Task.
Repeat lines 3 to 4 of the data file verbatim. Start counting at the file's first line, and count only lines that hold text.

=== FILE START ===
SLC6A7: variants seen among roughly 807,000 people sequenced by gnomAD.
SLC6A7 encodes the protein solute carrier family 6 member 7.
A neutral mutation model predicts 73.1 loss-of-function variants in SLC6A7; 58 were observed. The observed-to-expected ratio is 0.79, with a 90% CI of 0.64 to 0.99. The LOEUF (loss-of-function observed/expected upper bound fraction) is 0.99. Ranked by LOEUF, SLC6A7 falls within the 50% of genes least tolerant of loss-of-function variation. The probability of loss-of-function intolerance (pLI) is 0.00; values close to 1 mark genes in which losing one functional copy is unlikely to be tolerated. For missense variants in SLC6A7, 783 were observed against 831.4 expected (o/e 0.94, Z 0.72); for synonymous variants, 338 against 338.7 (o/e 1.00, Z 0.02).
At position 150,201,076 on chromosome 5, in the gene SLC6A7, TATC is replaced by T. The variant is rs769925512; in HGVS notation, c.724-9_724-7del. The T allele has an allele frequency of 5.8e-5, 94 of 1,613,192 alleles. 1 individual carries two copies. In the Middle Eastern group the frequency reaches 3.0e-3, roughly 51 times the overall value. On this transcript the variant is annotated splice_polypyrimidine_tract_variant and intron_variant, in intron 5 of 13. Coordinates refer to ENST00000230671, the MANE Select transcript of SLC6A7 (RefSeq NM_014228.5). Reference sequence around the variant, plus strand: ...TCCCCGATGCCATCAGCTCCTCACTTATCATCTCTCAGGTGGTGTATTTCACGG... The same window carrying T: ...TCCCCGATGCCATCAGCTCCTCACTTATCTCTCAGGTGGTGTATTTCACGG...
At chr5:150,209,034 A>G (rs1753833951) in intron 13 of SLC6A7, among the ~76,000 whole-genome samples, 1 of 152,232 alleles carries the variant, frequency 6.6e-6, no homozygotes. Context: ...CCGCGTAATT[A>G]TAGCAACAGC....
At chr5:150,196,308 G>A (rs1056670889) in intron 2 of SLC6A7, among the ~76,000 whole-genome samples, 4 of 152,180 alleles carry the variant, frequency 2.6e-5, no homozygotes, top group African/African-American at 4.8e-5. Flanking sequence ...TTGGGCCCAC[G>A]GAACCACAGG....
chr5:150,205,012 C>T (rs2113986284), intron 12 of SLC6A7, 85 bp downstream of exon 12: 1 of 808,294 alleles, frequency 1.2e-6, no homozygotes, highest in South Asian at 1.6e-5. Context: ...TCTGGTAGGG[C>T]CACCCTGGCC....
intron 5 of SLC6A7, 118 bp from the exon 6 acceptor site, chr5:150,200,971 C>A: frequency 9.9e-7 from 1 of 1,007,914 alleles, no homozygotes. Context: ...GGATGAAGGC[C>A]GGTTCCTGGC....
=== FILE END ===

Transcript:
A neutral mutation model predicts 73.1 loss-of-function variants in SLC6A7; 58 were observed. The observed-to-expected ratio is 0.79, with a 90% CI of 0.64 to 0.99. The LOEUF (loss-of-function observed/expected upper bound fraction) is 0.99. Ranked by LOEUF, SLC6A7 falls within the 50% of genes least tolerant of loss-of-function variation. The probability of loss-of-function intolerance (pLI) is 0.00; values close to 1 mark genes in which losing one functional copy is unlikely to be tolerated. For missense variants in SLC6A7, 783 were observed against 831.4 expected (o/e 0.94, Z 0.72); for synonymous variants, 338 against 338.7 (o/e 1.00, Z 0.02).
At position 150,201,076 on chromosome 5, in the gene SLC6A7, TATC is replaced by T. The variant is rs769925512; in HGVS notation, c.724-9_724-7del. The T allele has an allele frequency of 5.8e-5, 94 of 1,613,192 alleles. 1 individual carries two copies. In the Middle Eastern group the frequency reaches 3.0e-3, roughly 51 times the overall value. On this transcript the variant is annotated splice_polypyrimidine_tract_variant and intron_variant, in intron 5 of 13. Coordinates refer to ENST00000230671, the MANE Select transcript of SLC6A7 (RefSeq NM_014228.5). Reference sequence around the variant, plus strand: ...TCCCCGATGCCATCAGCTCCTCACTTATCATCTCTCAGGTGGTGTATTTCACGG... The same window carrying T: ...TCCCCGATGCCATCAGCTCCTCACTTATCTCTCAGGTGGTGTATTTCACGG...